Compare and contrast between Mr. Rochester and St. John from Jane Eyre.    

Expert Answers
davmor1973 eNotes educator| Certified Educator

Mr. Rochester and St. John Rivers are literary foils. Simply put, this means that they are characters who offer a contrast to each other. And the contrasts between the two men really couldn't be much greater.

These differences illustrate a number of wider contrasts that Bronte is keen to explore. First, there is the contrast between appearance and reality. Mr. Rochester appears, on the face of it, to be a brooding, rather stern character. Yet beneath that gruff exterior beats a passionately romantic heart.

St. John Rivers, by contrast, is incredibly handsome. Not only that, but as a missionary he appears to possess firm moral rectitude. He seems to have all the necessary qualifications of a "good catch." But beneath his charming exterior there is no passion, no desire, no joie de vivre. He spent what little zest for life he had on an ultimately fruitless courtship of Rosamond Oliver. He couldn't go through with marriage despite the great love between them. Rosamond just wouldn't be much use as a missionary's wife, you see. St. John is such an insufferably self-righteous prig that he's prepared to sacrifice love at the altar of high moral principle. Now, whenever Jane meets him, he comes across a human iceberg, with meltwater coursing through his veins.

This leads us to another important contrast in the story: that between what society demands and what the heart desires. Mr. Rochester has been leading a life of unrestrained debauchery as a way of escaping the chronic unhappiness of a marriage to a mentally unstable wife. His proposal to Jane, though heartfelt, would effectively make her his mistress, and Jane simply won't countenance that for a moment. Though she desperately desires to be with Rochester, she cannot allow herself to risk the shame and social isolation that would undoubtedly befall her should she accept his proposal.

Yet even here Rochester's innate sincerity, goodness, and regard for Jane shine through. He does not seek to compel or cajole; he allows her to decide her own destiny. Contrast this with poor old St. John. He tells Jane that she is "intended" to be a missionary's wife. He's going to marry her for duty, not for love, so naturally he feels that she should have no problem doing likewise. But Jane still has a beating heart, and ultimately her heart tells her that she should turn down St. John's less-than-generous offer.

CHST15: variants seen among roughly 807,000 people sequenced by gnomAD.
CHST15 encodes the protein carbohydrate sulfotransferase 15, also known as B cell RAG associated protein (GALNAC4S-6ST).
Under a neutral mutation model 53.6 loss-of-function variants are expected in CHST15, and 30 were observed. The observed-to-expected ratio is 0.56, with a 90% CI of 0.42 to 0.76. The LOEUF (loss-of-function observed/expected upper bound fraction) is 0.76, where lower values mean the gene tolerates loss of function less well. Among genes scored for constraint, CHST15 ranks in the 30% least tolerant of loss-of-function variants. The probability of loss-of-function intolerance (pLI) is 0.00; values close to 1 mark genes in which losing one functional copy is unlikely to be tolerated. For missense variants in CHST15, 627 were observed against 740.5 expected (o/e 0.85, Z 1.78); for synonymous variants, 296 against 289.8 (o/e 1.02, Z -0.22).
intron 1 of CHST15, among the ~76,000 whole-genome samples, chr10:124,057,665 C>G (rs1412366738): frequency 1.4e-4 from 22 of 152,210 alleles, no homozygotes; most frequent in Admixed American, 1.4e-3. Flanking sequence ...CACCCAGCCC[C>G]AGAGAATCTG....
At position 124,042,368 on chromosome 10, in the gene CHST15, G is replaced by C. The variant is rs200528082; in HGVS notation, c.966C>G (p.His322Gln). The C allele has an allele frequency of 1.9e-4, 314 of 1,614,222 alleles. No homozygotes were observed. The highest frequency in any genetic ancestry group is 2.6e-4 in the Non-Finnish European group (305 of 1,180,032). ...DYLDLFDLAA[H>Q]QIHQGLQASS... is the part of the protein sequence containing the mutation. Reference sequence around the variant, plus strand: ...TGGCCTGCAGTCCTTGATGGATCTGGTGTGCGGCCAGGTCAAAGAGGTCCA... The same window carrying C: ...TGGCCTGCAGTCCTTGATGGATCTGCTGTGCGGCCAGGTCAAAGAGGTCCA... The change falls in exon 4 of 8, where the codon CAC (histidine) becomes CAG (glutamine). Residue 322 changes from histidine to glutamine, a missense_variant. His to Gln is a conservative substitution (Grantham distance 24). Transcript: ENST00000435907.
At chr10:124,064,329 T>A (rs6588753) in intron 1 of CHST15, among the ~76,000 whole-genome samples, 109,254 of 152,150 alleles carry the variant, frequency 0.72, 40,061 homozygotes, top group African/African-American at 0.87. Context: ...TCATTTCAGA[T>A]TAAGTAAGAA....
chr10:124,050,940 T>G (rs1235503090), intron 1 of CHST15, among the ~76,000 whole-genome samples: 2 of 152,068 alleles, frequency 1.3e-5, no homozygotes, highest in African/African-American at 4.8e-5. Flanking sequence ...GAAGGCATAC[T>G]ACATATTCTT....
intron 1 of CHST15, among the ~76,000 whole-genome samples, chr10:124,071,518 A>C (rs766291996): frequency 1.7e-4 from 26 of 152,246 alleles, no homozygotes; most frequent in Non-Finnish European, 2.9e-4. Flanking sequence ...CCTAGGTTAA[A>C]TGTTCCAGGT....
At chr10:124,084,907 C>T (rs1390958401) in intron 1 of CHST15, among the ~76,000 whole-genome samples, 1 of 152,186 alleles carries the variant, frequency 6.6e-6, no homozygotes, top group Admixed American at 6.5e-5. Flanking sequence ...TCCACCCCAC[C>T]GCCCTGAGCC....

Rochester is a force of nature, not fully subject to human laws and mores. St. John, however, is entirely a creature of his society, his background, and his upbringing. As such, he will always be a slave to his overriding sense of duty. Jane is almost a synthesis of the two characters. On the one hand, she yearns to follow her heart and be with Rochester, but at the same time, she feels the need to pay due respect to the prevailing moral code. And it is only with the death of Rochester's mad wife that she is at long last able to do this. Love conquers all, but only within a system of socially acceptable norms.

mrshh eNotes educator| Certified Educator

St. John Rivers and Mr. Rochester have some things in common despite the fact that they are very different characters.  

Edward Rochester is a wealthy man, who owns Thornfield Hall and a great deal of land.  He has no living parents or siblings.  Mr. Rochester is an older man with dark features, who "is nearly forty."  Mr. Rochester loves Jane deeply and passionately and regards her as his equal.  He is attentive to her, and he is vocal about his affection for her.  He is not an overly religious man.  On the contrary, St. John is not a wealthy man.  He does have siblings.  He has two sisters, Mary and Diana.  He is a younger man.  St. John pities Jane, but does not truly love her.  He wants to marry her for practical reasons.  He thinks that she will make an excellent missionary's wife.  St. John proposes, and Jane admits to herself that "he will never love [her]; but he shall approve" of her.  St. John is deeply religious, and he plans to become a missionary.  

Mr. Rochester's character is often associated with fire.  He and Jane often speak beside a roaring fire.  Jane saves him when he room is lit on fire.  Later, his own house burns down and he is blinded during the fire.  He shows himself to be a passionate person and shows warmth to Jane.  St. John is often associated with cold.  The weather is cold when Jane befriends St. John.  St. John is a cold person, and does not show warmth to Jane.

Both Mr. Rochester and St. John want to marry Jane.  Mr. Rochester is turned down by Jane after she finds out about his insane wife.  St. John is also turned down by Jane when she rejects his marriage proposal, telling him that she sees her relationship with him as more of a sisterly one.  Both men try to convince her to change her mind.

 

 

Unlock This Answer Now